Historical global tropical cyclone landfallsIn the paper we provide details on landfalls of tropical cyclones (called hurricanes in the Atlantic) for the five major global basins and a global aggregate from 1970 (in the figure shown above -- the paper provides similar graphs for each of the basins for the periods of available data). We take the Atlantic back to 1944 (no other basin has reliable data before 1950, so earlier data is superfluous for our analysis), though the record of US landfalls goes back before 1900 and has been discussed in other papers (like this one in PDF). Tropical cyclone statistics are a cherry picker's delight because large intra-basin variability means that "trends" can be found (up and down) over various arbitrary periods of record. For instance, we do see a upwards trend in North Atlantic landfalls since 1970, but not since 1944 (or 1900). Other basins show similar up-and-down pattens on multi-decadal periods, but we finding nothing coherent at the global level. Over 41 years of reliable data, there is precious little evidence of a secular trend at the global level.
Jessica Weinkle, Ryan Maue and Roger Pielke, Jr.
Journal of Climate (in press)
In recent decades, economic damage from tropical cyclones (TCs) around the world has increased dramatically. Scientific literature published to date finds that the increase in losses can be explained entirely by societal changes (such as increasing wealth, structures, population, etc) in locations prone to tropical cyclone landfalls, rather than by changes in annual storm frequency or intensity. However, no homogenized dataset of global tropical cyclone landfalls has been created that might serve as a consistency check for such economic normalization studies. Using currently available historical TC best-track records, we have constructed a global database focused on hurricane-force strength landfalls. Our analysis does not indicate significant long-period global or individual basin trends in the frequency or intensity of landfalling TCs of minor or major hurricane strength. This evidence provides strong support for the conclusion that increasing damage around the world during the past several decades can be explained entirely by increasing wealth in locations prone to TC landfalls, which adds confidence to the fidelity of economic normalization analyses.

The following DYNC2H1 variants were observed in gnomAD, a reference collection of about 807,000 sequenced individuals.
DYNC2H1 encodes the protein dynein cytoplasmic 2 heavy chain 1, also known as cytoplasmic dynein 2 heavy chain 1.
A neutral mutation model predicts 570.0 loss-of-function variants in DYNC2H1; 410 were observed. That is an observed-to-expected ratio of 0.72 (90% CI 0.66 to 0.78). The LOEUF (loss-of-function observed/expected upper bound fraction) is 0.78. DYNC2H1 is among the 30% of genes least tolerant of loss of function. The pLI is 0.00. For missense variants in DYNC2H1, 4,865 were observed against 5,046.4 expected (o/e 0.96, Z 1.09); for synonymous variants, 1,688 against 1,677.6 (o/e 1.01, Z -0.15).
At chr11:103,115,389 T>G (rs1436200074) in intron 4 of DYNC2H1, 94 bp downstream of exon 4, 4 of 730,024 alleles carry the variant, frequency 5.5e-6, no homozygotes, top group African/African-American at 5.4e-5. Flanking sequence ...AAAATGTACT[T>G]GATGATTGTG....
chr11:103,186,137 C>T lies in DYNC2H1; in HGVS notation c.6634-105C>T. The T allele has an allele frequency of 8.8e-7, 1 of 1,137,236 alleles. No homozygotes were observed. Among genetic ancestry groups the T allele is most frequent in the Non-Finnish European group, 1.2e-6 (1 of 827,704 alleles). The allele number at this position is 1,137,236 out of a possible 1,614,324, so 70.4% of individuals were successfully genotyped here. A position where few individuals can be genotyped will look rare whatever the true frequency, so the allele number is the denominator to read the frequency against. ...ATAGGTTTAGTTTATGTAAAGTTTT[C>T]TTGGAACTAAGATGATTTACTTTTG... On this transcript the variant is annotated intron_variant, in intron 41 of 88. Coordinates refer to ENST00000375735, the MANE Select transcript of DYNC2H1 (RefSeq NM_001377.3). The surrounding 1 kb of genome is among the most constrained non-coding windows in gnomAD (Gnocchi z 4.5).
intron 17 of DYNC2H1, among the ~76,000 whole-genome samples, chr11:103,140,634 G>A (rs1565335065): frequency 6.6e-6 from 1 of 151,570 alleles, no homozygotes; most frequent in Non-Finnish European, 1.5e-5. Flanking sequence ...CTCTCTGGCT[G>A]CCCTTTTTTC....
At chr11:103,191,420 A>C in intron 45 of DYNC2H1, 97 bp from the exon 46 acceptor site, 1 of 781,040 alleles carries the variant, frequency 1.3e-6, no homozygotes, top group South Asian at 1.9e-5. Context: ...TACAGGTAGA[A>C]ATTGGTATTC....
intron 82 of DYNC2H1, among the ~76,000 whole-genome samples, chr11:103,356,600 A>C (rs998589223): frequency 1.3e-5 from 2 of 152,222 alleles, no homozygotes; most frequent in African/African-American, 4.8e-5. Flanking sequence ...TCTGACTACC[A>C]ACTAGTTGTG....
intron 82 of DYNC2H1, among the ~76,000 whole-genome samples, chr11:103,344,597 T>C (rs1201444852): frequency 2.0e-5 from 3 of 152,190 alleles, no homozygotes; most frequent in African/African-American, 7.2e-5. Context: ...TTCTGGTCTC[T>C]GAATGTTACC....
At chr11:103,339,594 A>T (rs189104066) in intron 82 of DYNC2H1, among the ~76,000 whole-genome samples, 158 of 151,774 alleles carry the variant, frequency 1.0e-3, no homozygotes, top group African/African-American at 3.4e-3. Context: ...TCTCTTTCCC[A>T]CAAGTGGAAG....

A reviewer wisely noted that looking for linear trends in such data was probably not particularly useful in any case -- and we much agree, however, a detection of trends is (for better or worse) established by the IPCC as a means to detect of changes in climate. Those looking for meaningful trends in TC behavior (regardless of cause) should be aware that even assuming large changes in storm behavior, such trends would not be detectable for many decades or longer. Thus, our findings should not be too surprising.
Some interesting statistics of note:
- Over 1970 to 2010 the globe averaged about 15 TC landfalls per year
- Of those 15, about 5 are intense (Category 3, 4 or 5)
- 1971 had the most global landfalls with 32, far exceeding the second place, 25 in 1996
- 1978 had the fewest with 7
- 2011 tied for second place for the fewest global landfalls with 10 (and 3 were intense, tying 1973, 1981 and 2002)
- 1999 had the most intense TC landfalls with 9
- 1981 had the fewest intense TC landfalls with zero
- There have been only 8 intense TC landfalls globally since 2008 (2009-2011), very quiet but not unprecedented (two unique 3-year periods saw only 7 intense landfalls)
- The US is currently in the midst of the longest streak ever recorded without an intense hurricane landfall
Ryan Maue's excellent tropical cyclone page, where you can find the above image of overall global tropical cyclone activity since 1978.
We'll post up the paper and all of the underlying data as soon as it is available from JOC.
Postscript: Regular readers will remember this paper from last fall as one which, after the reviews came in, an editor at Geophysical Research Letters bizarrely refused to discuss them with me. That water is under the bridge. However, thanks to the airing of that debacle the paper received various useful comments from colleagues, including those from Ryan Maue that were so significant that we invited him to join in as a co-author, leading to a rich new collaboration and an improved final product. Score one for the blogosphere in helping to make connections which ultimately improved the science published in the peer-reviewed literature.